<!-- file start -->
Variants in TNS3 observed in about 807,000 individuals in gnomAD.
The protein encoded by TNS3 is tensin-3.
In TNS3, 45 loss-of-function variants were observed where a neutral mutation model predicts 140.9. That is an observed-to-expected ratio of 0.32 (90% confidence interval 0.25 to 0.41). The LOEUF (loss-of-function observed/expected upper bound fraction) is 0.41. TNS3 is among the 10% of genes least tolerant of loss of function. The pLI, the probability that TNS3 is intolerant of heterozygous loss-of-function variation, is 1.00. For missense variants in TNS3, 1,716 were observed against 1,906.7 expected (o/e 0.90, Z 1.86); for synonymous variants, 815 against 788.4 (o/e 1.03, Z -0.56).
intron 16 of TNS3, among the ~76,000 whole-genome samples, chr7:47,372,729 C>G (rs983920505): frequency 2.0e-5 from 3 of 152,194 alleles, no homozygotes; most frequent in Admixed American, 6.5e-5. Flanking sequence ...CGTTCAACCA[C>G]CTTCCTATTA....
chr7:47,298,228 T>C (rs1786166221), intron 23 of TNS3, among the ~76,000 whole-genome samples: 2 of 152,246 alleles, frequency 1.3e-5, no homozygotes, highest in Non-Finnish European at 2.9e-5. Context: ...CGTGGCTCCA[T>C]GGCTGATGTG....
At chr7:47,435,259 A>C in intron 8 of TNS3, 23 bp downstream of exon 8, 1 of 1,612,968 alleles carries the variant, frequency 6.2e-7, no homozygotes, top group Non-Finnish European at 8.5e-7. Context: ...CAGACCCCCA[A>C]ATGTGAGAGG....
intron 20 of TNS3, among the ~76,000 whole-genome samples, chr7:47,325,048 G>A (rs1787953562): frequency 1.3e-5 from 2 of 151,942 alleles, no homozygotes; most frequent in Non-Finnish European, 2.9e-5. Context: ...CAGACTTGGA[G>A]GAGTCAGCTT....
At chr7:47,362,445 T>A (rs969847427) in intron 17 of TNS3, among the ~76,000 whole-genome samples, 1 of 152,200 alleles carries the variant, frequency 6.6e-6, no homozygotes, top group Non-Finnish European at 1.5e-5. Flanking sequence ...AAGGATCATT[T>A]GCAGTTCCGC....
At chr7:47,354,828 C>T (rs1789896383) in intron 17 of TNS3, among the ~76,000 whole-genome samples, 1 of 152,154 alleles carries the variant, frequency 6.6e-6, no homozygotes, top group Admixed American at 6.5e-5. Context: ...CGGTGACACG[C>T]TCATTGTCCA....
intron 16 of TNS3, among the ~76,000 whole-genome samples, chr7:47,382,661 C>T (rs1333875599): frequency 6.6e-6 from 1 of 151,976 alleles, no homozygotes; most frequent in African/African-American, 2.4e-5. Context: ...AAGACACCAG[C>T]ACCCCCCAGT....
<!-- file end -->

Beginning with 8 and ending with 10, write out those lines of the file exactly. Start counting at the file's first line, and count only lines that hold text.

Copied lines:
At chr7:47,362,445 T>A (rs969847427) in intron 17 of TNS3, among the ~76,000 whole-genome samples, 1 of 152,200 alleles carries the variant, frequency 6.6e-6, no homozygotes, top group Non-Finnish European at 1.5e-5. Flanking sequence ...AAGGATCATT[T>A]GCAGTTCCGC....
At chr7:47,354,828 C>T (rs1789896383) in intron 17 of TNS3, among the ~76,000 whole-genome samples, 1 of 152,154 alleles carries the variant, frequency 6.6e-6, no homozygotes, top group Admixed American at 6.5e-5. Context: ...CGGTGACACG[C>T]TCATTGTCCA....
intron 16 of TNS3, among the ~76,000 whole-genome samples, chr7:47,382,661 C>T (rs1333875599): frequency 6.6e-6 from 1 of 151,976 alleles, no homozygotes; most frequent in African/African-American, 2.4e-5. Context: ...AAGACACCAG[C>T]ACCCCCCAGT....